While President Trump failed to win reelection, his coalition of conservative populist voters has grown and diversified. His backing among African Americans this year jumped by 4 percentage points, while Hispanics from a huge range of backgrounds — with families hailing from Cuba, Colombia, Puerto Rico, Mexico and Venezuela — increased their support for Trump by double digits.
Republicans also did well down-ballot. Democrats, who had expected a “blue wave” on Election Day, got a stinging rebuke instead. They lost at least a dozen House seats, significantly shrinking their majority in that chamber, and also losing key Senate races in states they were forecast to win, such as North Carolina and Maine.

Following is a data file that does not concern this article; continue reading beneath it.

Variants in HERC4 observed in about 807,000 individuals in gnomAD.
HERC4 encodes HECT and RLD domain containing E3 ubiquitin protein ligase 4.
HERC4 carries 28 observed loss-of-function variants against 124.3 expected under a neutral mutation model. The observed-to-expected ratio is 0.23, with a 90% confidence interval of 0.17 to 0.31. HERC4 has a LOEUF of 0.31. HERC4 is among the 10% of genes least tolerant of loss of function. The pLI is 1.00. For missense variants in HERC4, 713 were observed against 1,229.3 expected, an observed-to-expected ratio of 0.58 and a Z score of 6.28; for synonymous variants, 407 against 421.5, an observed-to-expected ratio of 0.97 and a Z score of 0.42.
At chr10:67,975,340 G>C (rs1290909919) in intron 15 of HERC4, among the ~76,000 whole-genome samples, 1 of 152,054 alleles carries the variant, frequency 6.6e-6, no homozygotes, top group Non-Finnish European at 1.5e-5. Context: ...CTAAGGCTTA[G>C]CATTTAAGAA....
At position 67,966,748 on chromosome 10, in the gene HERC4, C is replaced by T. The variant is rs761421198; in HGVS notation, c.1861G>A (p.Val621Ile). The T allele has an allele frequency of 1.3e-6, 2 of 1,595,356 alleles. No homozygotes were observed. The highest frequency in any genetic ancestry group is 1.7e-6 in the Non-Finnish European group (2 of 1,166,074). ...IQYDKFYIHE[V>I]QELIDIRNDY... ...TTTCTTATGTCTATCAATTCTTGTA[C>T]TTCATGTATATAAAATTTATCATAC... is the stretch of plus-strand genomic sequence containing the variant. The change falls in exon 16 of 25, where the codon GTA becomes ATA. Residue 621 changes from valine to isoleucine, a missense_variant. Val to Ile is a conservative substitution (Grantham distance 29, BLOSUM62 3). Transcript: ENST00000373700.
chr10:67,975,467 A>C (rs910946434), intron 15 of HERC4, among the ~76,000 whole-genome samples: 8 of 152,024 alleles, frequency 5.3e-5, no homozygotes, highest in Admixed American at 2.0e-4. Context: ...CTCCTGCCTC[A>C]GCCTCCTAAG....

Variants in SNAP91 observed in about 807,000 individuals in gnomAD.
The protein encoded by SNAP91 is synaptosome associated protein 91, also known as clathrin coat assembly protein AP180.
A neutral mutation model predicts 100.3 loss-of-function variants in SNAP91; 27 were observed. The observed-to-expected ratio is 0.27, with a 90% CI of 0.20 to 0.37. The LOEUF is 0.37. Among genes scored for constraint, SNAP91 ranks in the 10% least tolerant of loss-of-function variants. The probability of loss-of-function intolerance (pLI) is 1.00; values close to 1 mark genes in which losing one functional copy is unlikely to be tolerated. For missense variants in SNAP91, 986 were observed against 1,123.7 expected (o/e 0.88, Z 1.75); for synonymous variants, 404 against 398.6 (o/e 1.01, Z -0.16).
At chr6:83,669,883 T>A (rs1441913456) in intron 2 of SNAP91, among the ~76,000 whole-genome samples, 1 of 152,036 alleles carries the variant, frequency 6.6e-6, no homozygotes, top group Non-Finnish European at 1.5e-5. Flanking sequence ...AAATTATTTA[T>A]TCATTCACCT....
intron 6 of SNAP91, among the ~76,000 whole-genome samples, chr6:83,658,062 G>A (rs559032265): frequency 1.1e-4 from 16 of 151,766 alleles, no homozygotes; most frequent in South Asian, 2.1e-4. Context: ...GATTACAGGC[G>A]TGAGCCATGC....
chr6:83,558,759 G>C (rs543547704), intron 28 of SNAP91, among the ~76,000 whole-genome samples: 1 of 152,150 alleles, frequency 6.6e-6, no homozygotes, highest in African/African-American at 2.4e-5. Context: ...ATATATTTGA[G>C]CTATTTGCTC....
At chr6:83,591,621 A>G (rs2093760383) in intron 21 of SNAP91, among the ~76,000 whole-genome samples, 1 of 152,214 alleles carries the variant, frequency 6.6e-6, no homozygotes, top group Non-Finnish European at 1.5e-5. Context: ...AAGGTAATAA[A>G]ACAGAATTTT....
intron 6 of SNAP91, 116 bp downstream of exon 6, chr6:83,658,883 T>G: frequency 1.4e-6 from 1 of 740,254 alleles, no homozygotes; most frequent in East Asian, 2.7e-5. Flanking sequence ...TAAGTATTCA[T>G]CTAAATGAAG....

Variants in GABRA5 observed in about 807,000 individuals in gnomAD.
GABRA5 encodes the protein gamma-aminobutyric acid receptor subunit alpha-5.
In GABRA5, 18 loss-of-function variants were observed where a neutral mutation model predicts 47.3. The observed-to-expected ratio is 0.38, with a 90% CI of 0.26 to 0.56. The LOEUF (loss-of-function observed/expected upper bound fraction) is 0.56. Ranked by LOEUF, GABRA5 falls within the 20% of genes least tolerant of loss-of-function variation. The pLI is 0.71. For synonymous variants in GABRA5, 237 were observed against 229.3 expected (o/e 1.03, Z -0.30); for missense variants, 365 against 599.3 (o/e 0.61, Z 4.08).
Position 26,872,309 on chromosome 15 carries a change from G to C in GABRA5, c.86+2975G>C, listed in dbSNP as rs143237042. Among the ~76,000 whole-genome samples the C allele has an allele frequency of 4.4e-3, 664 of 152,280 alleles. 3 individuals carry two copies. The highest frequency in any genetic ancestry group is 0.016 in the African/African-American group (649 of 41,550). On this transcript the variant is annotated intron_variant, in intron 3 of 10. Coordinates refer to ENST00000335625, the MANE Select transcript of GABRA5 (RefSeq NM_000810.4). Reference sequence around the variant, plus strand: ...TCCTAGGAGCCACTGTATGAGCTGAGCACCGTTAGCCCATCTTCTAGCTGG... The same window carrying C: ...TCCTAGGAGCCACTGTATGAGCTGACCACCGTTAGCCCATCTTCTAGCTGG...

The Maine polls were so far off, they predicted a loss for GOP incumbent Susan Collins by 5 percentage points, when she in fact won her fifth term by 9.
The new GOP coalition was so strong, it overrode Democratic money and influence — led by former President Barack Obama — to make gains in the state legislative chambers of Arizona, Minnesota, North Carolina and Pennsylvania.
This success of the Republican Party coupled with the loss of Trump proves that the GOP doesn’t need the president at the top of the ticket to hold its coalition together.
By Salena Zito
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Salena Zito is the author of “The Great Revolt: Inside the Populist Coalition Reshaping American Politics.”